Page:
Admittedly, the recent article published in HousingWire titled, “San Francisco exhibiting potential signs of a housing bubble,” focuses on one specific anomalous Left Coast housing market. But, this is clearly, in my view, a precursor to more markets, particularly in California, exhibiting the same signs. Housing bubbles will surely not be confined to the Golden State.
The article, which was written by HousingWire reporter Brenna Swanson, states that according to Collateral Analytics’ California Home Price Forecast Models, the San Francisco Bay area is showing, “… some warning signs of a bubble,” but goes on to quote that it is important to clarify that this is only happening in the San Francisco Bay Area, according to the report.
Michael Sklarz, president and CEO of Collateral Analytics, a provider of automated valuation solutions, is also quoted in the piece as saying, “When discussing price bubbles, we feel that there are few terms which are more widely used and less understood.” Perhaps, but if it walks like a duck and quacks like a duck, it is, quite possibly, a duck.
Furthermore, while Collateral Analytics explained that, “some economists and real estate observers are trying to sensationalize an issue that does not exist,” I submit that many real estate and mortgage-related organizations spin the facts to persuade consumers/homebuyers and homeowners that the housing sector is recovering across the country and getting even stronger – which it is not.
California and New York housing markets, particularly the San Francisco Bay Area and Manhattan are not representative of what is taking place in countless markets in between.
There are numerous real estate professionals I know, with whom I stay in contact throughout California and elsewhere, who disagree that the signs of a housing bubble are confined to the San Francisco Bay area.
Indeed, it has been widely reported that Denver, Dallas, Seattle and Salt Lake City are among other markets where home prices have outstripped income growth, which is a leading indicator of a bubble, or “echo-bubble” as this next one will be.
Without a vibrant economy, the housing market cannot truly recover. And the national economy is far from vibrant.
The continued abysmal job market plays a huge role in keeping the national housing market from recovering.
Although the “official” unemployment rate below 6% is widely touted as “proof” of a resurgent economy, the sad truth is that the 62.6% workforce participation rate, as reported by the Bureau of Labor Statistics, is lower than it has been in several decades, and near its lowest point since the end of World War II.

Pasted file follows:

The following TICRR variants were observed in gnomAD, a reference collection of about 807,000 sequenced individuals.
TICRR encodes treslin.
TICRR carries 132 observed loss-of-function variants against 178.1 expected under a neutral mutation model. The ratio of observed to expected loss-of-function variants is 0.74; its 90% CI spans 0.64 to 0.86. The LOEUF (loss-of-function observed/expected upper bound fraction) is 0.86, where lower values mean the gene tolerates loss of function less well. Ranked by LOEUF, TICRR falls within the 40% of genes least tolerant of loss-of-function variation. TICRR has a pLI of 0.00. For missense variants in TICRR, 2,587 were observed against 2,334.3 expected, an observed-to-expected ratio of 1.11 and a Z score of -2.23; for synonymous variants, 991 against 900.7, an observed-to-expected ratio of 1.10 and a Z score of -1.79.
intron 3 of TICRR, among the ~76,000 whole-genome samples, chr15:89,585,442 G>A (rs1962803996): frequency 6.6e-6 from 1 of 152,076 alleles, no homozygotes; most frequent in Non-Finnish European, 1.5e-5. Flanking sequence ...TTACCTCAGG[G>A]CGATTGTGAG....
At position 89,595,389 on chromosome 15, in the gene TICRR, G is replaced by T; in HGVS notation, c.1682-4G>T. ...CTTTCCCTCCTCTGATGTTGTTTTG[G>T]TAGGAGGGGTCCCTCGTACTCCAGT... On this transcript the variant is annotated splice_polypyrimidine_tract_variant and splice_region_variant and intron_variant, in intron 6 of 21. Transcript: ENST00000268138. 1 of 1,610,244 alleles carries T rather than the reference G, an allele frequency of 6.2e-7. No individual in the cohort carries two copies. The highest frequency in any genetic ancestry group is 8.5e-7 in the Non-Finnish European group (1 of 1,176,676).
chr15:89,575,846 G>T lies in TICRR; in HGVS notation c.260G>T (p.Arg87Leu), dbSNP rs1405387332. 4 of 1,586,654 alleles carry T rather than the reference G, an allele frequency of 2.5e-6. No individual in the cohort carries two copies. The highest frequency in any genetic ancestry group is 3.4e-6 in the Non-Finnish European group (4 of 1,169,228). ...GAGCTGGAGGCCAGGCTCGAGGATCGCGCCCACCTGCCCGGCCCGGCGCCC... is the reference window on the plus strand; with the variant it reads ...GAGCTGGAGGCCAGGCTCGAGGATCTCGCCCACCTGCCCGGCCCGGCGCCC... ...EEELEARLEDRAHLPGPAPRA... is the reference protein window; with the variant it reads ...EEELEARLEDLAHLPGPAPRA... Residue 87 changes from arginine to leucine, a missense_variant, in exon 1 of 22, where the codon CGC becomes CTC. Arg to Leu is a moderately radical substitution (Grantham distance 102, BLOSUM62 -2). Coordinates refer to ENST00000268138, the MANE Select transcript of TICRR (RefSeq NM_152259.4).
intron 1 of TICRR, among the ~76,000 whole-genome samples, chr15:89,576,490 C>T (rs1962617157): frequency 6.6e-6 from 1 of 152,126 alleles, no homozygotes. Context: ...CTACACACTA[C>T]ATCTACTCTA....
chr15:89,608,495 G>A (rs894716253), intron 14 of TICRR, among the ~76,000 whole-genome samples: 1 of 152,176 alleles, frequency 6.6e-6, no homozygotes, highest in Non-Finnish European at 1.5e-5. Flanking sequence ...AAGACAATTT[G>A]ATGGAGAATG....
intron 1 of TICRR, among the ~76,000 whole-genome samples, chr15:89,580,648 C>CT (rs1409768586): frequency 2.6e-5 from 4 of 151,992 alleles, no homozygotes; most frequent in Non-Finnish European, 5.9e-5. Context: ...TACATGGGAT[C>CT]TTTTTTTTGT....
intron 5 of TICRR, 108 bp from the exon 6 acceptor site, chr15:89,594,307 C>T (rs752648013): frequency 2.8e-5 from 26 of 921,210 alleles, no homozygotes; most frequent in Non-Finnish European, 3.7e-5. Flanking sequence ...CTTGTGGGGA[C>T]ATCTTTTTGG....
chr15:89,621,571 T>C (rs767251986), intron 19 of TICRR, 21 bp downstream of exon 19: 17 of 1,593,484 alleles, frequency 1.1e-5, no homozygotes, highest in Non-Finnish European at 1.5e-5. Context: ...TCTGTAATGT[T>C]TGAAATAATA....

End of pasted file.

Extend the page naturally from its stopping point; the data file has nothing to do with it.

This artificially drives down the unemployment rate.
It can be argued that demographics related to Baby Boomers reaching retirement age is the cause, but that is only partially so.
In addition to massive numbers of Baby Boomers retiring each month, many of the jobs that have been “created” over the past seven years have been lower-paying and/or part-time jobs. Discretionary income for so many in this country today is nearly non-existent. With more than one thousand benefit and entitlement programs to choose from, millions of Americans have decided it isn’t worth looking for a job today.
Stagnant wages and lower paying jobs for millions of Americans do not translate into purchasing power – especially as it relates to housing.
And while demand for housing in certain markets has combined with shrinking inventories to drive housing prices up to pre-financial and housing crisis levels in some markets, without more potential homebuyers entering the housing market, because of stricter lending guidelines, rising interest rates and other factors, there begins to be a shrinking market of move-up buyers.
This eventually drives prices down from “bubble-induced” levels.
With another national election cycle upon us, it is expected that we will see an increase in media reports painting a rosy picture relative to the economy in general and the housing sector in particular.
No doubt more stories will point to “anomalies” such as the one in the San Francisco Bay Area.
But beyond the spin there will be growing signs that a housing bubble is once again forming across America.